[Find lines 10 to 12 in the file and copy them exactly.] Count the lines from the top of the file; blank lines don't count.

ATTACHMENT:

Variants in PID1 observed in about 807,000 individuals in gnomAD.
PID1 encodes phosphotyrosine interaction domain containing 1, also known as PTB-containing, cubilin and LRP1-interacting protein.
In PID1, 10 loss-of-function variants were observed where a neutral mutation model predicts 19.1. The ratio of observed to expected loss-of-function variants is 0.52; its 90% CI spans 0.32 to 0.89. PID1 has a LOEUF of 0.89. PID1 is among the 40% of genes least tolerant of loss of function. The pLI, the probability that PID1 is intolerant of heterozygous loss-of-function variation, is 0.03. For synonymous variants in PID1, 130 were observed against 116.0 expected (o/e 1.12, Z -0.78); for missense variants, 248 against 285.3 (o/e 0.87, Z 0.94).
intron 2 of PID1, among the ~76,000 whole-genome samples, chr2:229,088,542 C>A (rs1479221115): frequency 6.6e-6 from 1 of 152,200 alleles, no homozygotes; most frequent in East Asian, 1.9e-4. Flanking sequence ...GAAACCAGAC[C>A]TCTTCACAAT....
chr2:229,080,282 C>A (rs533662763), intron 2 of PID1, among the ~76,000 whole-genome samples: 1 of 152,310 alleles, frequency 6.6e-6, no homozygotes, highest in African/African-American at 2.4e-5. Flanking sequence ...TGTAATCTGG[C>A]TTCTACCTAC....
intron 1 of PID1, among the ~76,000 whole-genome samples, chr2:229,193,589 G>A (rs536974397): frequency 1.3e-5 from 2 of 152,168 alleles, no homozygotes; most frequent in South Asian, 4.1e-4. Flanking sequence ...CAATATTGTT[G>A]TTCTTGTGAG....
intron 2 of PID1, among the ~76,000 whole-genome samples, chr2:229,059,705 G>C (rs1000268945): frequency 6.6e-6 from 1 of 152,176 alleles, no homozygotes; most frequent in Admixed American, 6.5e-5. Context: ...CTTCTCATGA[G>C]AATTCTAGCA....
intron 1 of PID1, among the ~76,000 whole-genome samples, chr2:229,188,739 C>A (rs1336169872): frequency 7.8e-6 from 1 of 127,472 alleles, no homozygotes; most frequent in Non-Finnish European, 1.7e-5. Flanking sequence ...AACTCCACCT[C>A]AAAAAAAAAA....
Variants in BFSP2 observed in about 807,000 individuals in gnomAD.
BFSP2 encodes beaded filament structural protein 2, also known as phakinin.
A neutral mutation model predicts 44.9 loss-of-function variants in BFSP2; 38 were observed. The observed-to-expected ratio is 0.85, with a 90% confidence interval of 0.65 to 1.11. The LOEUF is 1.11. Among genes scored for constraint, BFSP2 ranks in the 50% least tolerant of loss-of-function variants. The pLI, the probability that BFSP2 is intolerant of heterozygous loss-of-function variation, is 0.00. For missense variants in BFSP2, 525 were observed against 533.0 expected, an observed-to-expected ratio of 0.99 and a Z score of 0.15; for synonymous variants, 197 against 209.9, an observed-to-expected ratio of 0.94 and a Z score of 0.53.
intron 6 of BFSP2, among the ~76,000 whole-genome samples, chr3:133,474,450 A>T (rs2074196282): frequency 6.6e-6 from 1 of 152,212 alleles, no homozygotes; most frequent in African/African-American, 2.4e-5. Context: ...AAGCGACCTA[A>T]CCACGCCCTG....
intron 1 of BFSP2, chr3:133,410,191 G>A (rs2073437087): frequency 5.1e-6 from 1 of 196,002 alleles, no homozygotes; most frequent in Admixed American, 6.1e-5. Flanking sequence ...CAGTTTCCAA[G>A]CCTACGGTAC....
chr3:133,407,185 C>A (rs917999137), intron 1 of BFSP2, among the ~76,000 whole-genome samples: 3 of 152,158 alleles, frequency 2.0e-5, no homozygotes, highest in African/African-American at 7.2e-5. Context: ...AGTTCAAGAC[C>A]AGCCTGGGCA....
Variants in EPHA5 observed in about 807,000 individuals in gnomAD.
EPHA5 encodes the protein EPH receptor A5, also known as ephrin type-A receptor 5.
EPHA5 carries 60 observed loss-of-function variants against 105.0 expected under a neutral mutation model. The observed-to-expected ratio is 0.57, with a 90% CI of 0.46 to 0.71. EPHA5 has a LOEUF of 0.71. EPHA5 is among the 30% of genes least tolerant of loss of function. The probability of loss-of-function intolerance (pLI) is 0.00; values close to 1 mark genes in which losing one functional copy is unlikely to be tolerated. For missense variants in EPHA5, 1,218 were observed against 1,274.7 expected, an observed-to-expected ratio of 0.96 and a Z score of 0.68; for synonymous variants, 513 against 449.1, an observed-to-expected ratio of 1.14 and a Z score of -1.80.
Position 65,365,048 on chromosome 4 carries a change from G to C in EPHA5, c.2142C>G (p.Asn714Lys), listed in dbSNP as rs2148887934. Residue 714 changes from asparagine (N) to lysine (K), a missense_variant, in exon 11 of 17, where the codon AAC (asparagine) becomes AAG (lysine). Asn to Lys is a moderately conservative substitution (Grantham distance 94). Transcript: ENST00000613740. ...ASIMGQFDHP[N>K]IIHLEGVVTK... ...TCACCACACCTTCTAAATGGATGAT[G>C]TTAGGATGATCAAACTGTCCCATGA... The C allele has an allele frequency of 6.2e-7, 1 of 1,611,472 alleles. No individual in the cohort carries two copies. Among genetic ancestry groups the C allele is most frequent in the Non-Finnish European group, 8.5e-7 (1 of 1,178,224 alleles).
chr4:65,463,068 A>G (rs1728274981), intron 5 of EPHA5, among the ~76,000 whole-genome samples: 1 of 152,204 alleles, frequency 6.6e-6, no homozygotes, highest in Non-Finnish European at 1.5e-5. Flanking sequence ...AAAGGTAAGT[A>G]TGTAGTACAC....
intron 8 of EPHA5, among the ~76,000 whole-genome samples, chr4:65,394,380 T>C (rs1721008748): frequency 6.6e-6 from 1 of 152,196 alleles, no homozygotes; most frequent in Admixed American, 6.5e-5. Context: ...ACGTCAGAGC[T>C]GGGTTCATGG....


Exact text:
BFSP2 encodes beaded filament structural protein 2, also known as phakinin.
A neutral mutation model predicts 44.9 loss-of-function variants in BFSP2; 38 were observed. The observed-to-expected ratio is 0.85, with a 90% confidence interval of 0.65 to 1.11. The LOEUF is 1.11. Among genes scored for constraint, BFSP2 ranks in the 50% least tolerant of loss-of-function variants. The pLI, the probability that BFSP2 is intolerant of heterozygous loss-of-function variation, is 0.00. For missense variants in BFSP2, 525 were observed against 533.0 expected, an observed-to-expected ratio of 0.99 and a Z score of 0.15; for synonymous variants, 197 against 209.9, an observed-to-expected ratio of 0.94 and a Z score of 0.53.
intron 6 of BFSP2, among the ~76,000 whole-genome samples, chr3:133,474,450 A>T (rs2074196282): frequency 6.6e-6 from 1 of 152,212 alleles, no homozygotes; most frequent in African/African-American, 2.4e-5. Context: ...AAGCGACCTA[A>T]CCACGCCCTG....